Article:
Voicing a (Virtual) Postcolonial Ethnography

Cultural Studies Review. 2013;10(1) DOI 10.5130/csr.v10i1.3554

 

Journal Homepage

Journal Title: Cultural Studies Review

ISSN: 1446-8123 (Print); 1837-8692 (Online)

Publisher: UTS ePRESS

Society/Institution: University of Technology Sydney

LCC Subject Category: Fine Arts: Arts in general | Philosophy. Psychology. Religion: Philosophy (General)

Country of publisher: Australia

Language of fulltext: English

Full-text formats available: PDF, HTML

 

AUTHORS

Mark Galliford (University of South Australia)

EDITORIAL INFORMATION

Double blind peer review

Editorial Board

Instructions for authors

Time From Submission to Publication: 52 weeks

 

Abstract | Full Text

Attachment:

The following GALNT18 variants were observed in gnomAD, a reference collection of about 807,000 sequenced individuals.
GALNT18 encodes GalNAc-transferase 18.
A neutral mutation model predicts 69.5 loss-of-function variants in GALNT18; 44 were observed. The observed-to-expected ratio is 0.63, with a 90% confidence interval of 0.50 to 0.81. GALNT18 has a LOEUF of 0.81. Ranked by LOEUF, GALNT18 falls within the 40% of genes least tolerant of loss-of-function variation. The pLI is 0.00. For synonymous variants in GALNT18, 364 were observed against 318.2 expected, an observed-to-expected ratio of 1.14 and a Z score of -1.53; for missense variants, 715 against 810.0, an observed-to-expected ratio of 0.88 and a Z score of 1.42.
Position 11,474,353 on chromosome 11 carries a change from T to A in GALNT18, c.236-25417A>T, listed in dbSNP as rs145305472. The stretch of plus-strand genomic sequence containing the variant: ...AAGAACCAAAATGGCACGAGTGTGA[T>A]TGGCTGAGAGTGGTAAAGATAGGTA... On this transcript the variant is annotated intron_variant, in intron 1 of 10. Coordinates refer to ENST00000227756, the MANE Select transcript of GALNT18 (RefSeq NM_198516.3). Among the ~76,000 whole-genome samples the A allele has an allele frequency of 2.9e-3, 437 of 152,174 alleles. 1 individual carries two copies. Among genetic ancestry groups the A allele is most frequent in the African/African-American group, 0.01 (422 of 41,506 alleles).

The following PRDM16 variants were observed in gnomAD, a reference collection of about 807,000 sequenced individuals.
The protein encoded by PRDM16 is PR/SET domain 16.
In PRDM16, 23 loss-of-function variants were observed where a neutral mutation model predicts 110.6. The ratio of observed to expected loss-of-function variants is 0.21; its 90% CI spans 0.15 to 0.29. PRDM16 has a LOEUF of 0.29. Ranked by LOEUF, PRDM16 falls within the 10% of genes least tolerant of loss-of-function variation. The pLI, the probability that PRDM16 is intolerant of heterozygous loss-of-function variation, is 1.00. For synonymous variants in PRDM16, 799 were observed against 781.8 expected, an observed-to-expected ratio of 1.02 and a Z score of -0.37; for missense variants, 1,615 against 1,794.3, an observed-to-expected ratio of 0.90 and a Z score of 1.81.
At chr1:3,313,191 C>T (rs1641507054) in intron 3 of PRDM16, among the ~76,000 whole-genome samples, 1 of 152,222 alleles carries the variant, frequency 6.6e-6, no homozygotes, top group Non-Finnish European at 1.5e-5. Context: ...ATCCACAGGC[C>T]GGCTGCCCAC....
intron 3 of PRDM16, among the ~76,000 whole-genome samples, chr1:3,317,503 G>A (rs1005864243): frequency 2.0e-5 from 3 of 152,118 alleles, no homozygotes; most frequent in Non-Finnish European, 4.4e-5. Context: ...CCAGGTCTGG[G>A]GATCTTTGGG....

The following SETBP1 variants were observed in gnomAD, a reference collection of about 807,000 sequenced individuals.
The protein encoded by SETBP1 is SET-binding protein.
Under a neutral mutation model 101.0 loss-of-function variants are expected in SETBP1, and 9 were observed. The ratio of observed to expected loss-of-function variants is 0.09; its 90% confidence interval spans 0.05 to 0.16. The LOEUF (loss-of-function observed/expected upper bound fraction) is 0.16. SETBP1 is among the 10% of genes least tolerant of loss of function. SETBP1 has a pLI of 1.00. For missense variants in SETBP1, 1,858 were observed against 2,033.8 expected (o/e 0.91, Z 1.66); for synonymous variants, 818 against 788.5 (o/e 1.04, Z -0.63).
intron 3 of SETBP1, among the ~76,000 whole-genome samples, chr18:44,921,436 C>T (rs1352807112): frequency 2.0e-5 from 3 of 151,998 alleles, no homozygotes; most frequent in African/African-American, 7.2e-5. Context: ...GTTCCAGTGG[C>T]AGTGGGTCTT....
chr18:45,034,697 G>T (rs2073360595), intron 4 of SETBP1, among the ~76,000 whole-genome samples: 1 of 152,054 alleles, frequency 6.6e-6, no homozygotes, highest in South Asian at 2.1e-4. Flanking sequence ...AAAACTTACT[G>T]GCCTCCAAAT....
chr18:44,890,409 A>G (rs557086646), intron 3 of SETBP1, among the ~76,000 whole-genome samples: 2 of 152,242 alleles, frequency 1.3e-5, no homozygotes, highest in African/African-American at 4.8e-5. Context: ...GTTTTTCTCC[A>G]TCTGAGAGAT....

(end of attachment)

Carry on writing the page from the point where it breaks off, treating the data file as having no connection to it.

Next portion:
A review of Frank Gurrmanamana, Les Hiatt and Kim McKenzie with Betty Ngurraban-Gurraba, Betty Meehan and Rhys Jones's People of the Rivermouth: The Joborr Texts of Frank Gurrmanamana (National Museum of Australia and Aboriginal Studies Press, Canberra, 2002). The concept of postcolonialism, and an Australian postcolonial literature specifically, is fraught with problems. The least of these is the reality of this country not yet being fully free from its British colonial inheritance, let alone from ongoing internal colonialism. Even so, postcolonialism is still a useful term to define a body of (particularly Indigenous) literature produced over the last thirty years. Keeping the irony in mind, Australia’s virtual postcolonial literature has been gaining increasing prominence, providing fertile ground for the political promise that one day may be realised as a state of actual Australian postcoloniality of sorts. In the meantime, the postcolonial movement desired and reinforced by the literature continues to gather momentum. People of the Rivermouth, a recent addition to the Australian anthropological corpus, initiates what looks like a promising future for postcolonial ethnographies; yet it too has some problems. While the book claims that it is ‘arguably the most comprehensive work ever produced on a single Australian Aboriginal group’, in effect presenting itself as an ethnography of the highest order, the main component of the work—the Joborr texts—are, I believe, somewhat more aligned to what Eric Michaels once described as ‘para-ethnography’: a story that transcends itself into a kind of incidental ethnography.